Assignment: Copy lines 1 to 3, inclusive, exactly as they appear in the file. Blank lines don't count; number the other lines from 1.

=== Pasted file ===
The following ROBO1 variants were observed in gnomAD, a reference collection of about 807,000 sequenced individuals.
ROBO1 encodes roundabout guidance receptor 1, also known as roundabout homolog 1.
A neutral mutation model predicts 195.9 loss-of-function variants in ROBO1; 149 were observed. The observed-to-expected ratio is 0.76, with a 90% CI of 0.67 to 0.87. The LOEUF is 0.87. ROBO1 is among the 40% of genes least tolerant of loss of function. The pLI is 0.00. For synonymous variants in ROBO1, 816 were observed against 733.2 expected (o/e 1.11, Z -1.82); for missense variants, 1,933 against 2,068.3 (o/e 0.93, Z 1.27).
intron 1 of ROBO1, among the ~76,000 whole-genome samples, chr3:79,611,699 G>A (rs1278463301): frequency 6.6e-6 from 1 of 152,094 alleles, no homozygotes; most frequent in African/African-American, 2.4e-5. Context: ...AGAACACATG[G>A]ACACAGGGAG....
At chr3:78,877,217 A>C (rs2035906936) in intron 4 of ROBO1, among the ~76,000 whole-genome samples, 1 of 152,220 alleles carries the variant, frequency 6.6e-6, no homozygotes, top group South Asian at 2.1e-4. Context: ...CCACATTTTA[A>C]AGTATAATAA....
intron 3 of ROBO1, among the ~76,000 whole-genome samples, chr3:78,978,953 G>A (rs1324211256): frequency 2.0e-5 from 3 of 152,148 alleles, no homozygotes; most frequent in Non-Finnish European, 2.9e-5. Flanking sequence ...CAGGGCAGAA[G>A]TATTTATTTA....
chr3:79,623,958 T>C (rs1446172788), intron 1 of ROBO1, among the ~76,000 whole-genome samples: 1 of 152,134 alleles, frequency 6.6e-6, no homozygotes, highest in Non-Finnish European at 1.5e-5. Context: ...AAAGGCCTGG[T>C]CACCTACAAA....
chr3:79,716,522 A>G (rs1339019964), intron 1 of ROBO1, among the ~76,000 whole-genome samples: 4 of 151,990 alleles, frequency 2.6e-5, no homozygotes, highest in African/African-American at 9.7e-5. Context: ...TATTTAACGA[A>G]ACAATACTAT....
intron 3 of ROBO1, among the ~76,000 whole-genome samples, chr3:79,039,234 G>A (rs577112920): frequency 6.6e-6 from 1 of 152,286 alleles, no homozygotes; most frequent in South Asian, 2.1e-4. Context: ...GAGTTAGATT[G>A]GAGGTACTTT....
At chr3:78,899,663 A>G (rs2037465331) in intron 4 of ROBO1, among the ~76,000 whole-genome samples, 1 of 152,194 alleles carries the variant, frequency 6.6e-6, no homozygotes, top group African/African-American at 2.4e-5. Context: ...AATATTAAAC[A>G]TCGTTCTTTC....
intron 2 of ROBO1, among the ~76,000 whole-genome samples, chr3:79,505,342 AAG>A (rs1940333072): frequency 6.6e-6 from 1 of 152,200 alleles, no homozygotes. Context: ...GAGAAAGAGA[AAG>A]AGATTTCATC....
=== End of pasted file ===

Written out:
The following ROBO1 variants were observed in gnomAD, a reference collection of about 807,000 sequenced individuals.
ROBO1 encodes roundabout guidance receptor 1, also known as roundabout homolog 1.
A neutral mutation model predicts 195.9 loss-of-function variants in ROBO1; 149 were observed. The observed-to-expected ratio is 0.76, with a 90% CI of 0.67 to 0.87. The LOEUF is 0.87. ROBO1 is among the 40% of genes least tolerant of loss of function. The pLI is 0.00. For synonymous variants in ROBO1, 816 were observed against 733.2 expected (o/e 1.11, Z -1.82); for missense variants, 1,933 against 2,068.3 (o/e 0.93, Z 1.27).